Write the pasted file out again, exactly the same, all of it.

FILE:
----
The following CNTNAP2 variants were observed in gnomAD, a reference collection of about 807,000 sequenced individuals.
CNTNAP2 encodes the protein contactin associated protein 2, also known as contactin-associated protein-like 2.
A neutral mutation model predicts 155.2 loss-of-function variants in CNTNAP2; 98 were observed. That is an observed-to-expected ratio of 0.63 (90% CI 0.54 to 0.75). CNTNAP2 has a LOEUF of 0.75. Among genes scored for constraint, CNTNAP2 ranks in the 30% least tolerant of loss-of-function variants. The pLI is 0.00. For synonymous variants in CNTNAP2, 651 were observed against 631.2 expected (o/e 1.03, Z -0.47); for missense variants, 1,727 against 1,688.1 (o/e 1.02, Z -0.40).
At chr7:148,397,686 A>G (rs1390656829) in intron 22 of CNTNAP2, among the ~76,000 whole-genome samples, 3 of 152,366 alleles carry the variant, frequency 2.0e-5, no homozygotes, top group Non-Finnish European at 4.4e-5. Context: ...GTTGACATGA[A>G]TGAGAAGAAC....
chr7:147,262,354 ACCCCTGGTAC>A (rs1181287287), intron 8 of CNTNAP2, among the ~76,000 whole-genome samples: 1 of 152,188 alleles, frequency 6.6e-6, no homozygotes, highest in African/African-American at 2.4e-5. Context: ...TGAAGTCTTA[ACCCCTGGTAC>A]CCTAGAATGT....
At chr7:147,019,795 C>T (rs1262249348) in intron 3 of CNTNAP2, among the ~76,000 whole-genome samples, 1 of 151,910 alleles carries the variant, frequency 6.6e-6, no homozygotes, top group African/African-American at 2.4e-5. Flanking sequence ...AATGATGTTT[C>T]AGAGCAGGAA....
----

The following CNTNAP2 variants were observed in gnomAD, a reference collection of about 807,000 sequenced individuals.
CNTNAP2 encodes the protein contactin associated protein 2, also known as contactin-associated protein-like 2.
A neutral mutation model predicts 155.2 loss-of-function variants in CNTNAP2; 98 were observed. That is an observed-to-expected ratio of 0.63 (90% CI 0.54 to 0.75). CNTNAP2 has a LOEUF of 0.75. Among genes scored for constraint, CNTNAP2 ranks in the 30% least tolerant of loss-of-function variants. The pLI is 0.00. For synonymous variants in CNTNAP2, 651 were observed against 631.2 expected (o/e 1.03, Z -0.47); for missense variants, 1,727 against 1,688.1 (o/e 1.02, Z -0.40).
At chr7:148,397,686 A>G (rs1390656829) in intron 22 of CNTNAP2, among the ~76,000 whole-genome samples, 3 of 152,366 alleles carry the variant, frequency 2.0e-5, no homozygotes, top group Non-Finnish European at 4.4e-5. Context: ...GTTGACATGA[A>G]TGAGAAGAAC....
chr7:147,262,354 ACCCCTGGTAC>A (rs1181287287), intron 8 of CNTNAP2, among the ~76,000 whole-genome samples: 1 of 152,188 alleles, frequency 6.6e-6, no homozygotes, highest in African/African-American at 2.4e-5. Context: ...TGAAGTCTTA[ACCCCTGGTAC>A]CCTAGAATGT....
At chr7:147,019,795 C>T (rs1262249348) in intron 3 of CNTNAP2, among the ~76,000 whole-genome samples, 1 of 151,910 alleles carries the variant, frequency 6.6e-6, no homozygotes, top group African/African-American at 2.4e-5. Flanking sequence ...AATGATGTTT[C>T]AGAGCAGGAA....